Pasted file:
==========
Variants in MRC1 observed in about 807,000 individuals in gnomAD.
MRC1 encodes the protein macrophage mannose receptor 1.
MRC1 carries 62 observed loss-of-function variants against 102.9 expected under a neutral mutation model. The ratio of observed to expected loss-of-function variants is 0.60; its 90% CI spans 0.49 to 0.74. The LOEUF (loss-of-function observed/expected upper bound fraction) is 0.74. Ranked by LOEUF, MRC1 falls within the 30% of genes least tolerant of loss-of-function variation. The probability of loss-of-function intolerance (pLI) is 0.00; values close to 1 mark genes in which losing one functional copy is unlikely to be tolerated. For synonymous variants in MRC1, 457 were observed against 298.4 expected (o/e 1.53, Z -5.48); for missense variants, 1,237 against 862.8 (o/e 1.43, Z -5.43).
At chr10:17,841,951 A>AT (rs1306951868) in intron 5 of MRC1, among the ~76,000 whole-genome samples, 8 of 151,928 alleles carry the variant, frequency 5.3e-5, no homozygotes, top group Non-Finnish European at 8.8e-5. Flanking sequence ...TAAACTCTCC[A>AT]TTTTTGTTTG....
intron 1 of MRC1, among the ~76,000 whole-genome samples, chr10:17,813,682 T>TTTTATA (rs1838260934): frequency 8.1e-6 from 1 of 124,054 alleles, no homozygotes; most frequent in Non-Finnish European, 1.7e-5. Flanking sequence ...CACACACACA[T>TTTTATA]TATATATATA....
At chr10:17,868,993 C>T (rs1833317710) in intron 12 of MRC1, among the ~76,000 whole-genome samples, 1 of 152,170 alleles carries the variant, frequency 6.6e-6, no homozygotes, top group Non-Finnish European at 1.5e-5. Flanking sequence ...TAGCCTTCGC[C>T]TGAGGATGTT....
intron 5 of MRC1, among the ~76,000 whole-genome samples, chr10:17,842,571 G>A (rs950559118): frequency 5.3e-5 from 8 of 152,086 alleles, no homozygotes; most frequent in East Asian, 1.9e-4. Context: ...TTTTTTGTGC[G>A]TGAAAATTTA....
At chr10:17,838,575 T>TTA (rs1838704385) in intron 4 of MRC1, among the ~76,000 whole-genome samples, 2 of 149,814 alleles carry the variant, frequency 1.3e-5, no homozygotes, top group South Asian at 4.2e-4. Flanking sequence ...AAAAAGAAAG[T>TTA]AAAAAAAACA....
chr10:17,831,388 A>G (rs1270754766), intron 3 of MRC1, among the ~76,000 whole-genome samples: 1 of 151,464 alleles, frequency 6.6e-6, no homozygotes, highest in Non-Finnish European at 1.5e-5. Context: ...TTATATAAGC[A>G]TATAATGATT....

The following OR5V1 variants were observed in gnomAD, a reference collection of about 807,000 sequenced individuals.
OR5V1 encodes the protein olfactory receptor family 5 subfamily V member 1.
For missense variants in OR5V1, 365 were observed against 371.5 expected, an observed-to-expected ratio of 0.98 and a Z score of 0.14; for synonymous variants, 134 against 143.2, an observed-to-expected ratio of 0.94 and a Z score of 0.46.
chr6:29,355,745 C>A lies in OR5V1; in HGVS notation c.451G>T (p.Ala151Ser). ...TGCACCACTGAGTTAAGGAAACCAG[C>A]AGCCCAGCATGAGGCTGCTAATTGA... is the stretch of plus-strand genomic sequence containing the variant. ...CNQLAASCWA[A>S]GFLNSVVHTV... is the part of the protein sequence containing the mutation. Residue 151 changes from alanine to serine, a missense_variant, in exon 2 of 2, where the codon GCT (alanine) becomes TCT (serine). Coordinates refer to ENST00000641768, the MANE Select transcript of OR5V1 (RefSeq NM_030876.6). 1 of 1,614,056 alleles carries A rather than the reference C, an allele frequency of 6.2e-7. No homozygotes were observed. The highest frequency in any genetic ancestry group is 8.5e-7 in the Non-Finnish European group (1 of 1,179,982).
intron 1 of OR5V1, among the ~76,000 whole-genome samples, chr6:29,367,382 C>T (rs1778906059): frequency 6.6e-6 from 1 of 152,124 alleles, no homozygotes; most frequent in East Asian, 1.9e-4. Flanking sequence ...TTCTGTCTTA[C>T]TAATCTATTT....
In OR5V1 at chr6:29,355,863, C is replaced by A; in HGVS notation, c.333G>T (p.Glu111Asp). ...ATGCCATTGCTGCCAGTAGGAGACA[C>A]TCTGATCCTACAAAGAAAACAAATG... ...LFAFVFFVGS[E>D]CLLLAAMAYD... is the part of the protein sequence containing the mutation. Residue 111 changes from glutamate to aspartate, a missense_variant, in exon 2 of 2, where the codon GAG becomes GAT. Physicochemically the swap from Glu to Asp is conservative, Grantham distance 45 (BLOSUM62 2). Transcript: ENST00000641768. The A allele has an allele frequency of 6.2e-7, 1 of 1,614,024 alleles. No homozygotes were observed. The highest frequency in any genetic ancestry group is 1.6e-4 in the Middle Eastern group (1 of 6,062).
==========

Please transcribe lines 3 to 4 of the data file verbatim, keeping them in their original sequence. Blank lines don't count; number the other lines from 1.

MRC1 carries 62 observed loss-of-function variants against 102.9 expected under a neutral mutation model. The ratio of observed to expected loss-of-function variants is 0.60; its 90% CI spans 0.49 to 0.74. The LOEUF (loss-of-function observed/expected upper bound fraction) is 0.74. Ranked by LOEUF, MRC1 falls within the 30% of genes least tolerant of loss-of-function variation. The probability of loss-of-function intolerance (pLI) is 0.00; values close to 1 mark genes in which losing one functional copy is unlikely to be tolerated. For synonymous variants in MRC1, 457 were observed against 298.4 expected (o/e 1.53, Z -5.48); for missense variants, 1,237 against 862.8 (o/e 1.43, Z -5.43).
At chr10:17,841,951 A>AT (rs1306951868) in intron 5 of MRC1, among the ~76,000 whole-genome samples, 8 of 151,928 alleles carry the variant, frequency 5.3e-5, no homozygotes, top group Non-Finnish European at 8.8e-5. Flanking sequence ...TAAACTCTCC[A>AT]TTTTTGTTTG....